Tactical Philanthropy is currently covering the Grantmakers for Effective Organizations conference with the help of a blog team. This is a guest post by Carla Javits of REDF.
By Carla Javits
Since I have never worked for a foundation, although the nonprofit I lead now used to be one, I always experience foundation conferences as something of an outsider, part visitor from a neighboring tribe. A lot of it is familiar, though, because, as they say, ‘some of my best friends….’ and colleagues are in philanthropy, and I have had the ‘funder’ experience working in grant-making intermediaries and public agencies for more than two decades. So it’s not like philanthropy is foreign to me.
Nonetheless, grant-maker gatherings are a contrast with nonprofit get-togethers, which are a cross between revival meetings, the enormous stress that accompanies running these precariously funded groups, and fundraising bull sessions.
People who work at and lead foundations deal with stress like everyone does – and had more than their share last year with the stock market meltdown – but the general tenor of foundation conferences is usually more about exploration of ideas than angst.
Being at GEO this year got me thinking about the tribal nature of other gatherings I attend, how it feels to be an ‘outsider’ or an ‘insider’, and what that means in terms of getting the work done together. If we accept the premise — bubbling up from all quarters — about the centrality of ‘networks’ to accomplish great things in these times, how do we connect across the spoken and unspoken differences between us.
There’s a different feel, culture, set of assumptions, and language when you’re in a room with people who work in foundations, or with people who work for government agencies, people who are employed at for profit companies, or at nonprofits, large and small.
We gravitate to the comfortable familiarity of our own tribe, and there are many reasons to do so. We learn from one another, support and help each other. We look through a similar lens.
But to move the needle on major issues requires work across tribes – outside of our safety zones. And we have relatively few gatherings with more than token attendance of people from other arenas. The challenges, discomfort, confusion, and uncertainty that can breed also sparks new connections, relationships, and ideas. And it can be a lot of fun.
A focus of GEO is admirably about building the capacity of nonprofits to deliver. Multiple sectors have a lot to offer one another in solving the riddle of strengthening nonprofit capacity. As several speakers at GEO have said – foundation funding is only about 3% of nonprofit funding – government is the majority funder. Clearly they have a huge stake in nonprofit capacity, but what are they doing about it.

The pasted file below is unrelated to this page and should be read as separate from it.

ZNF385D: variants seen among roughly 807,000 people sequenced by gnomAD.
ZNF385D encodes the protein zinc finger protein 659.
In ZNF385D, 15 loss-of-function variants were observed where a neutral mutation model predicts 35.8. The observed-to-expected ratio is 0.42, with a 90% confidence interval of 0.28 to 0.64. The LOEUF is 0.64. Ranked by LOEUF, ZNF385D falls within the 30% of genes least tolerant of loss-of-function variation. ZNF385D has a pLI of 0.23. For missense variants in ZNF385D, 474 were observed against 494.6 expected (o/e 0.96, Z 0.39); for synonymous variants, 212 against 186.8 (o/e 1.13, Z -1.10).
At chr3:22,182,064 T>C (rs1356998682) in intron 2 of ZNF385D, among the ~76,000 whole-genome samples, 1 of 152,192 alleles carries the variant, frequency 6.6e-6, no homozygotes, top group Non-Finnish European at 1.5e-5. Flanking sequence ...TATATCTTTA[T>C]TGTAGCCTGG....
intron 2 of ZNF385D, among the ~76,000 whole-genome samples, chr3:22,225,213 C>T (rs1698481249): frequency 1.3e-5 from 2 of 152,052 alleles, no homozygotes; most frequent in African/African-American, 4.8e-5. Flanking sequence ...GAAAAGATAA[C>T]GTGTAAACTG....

What arenas have you been in lately with other ‘tribes’ where you were challenged, but also moved forward? How can we create more of these situations? Are you motivated to do that?
Thanks for your comments Carla. They resonate well with my way of working with non-profits, communities and foundations over the past 25 years. When it comes to networks – and even organizations that don’t yet see themselves as networks or networked – it makes complete sense to not be myopic with our own tribes and to belong to as many as add value. Some say it takes time to network or to collaborate; others say, it takes more time not to. Some say we need to focus; others say we need to focus and stay open to new ideas at the same time. Some say we need to be able to switch hats quickly; I say we need to be able to wear multiple hats simultaneously (as funny as it might look). When in healthcare, I use to attend business conferences and community organizing conferences to spread out some. I hope there are many others like you at GEO this year that are not directly from the foundation world and I hope your modeling provides inspiration for others of us to add a “left-field” conference or network or group or language to our learning path in the coming year.
The multiple funny hats is definitely where it’s at. Coming to REDF, I have met many more people from the business community than I ever knew before, and I have not only learned a lot, but also formed beneficial relationships that have greatly strengthened our work. Support can come from sources that at first are hard to fully understand.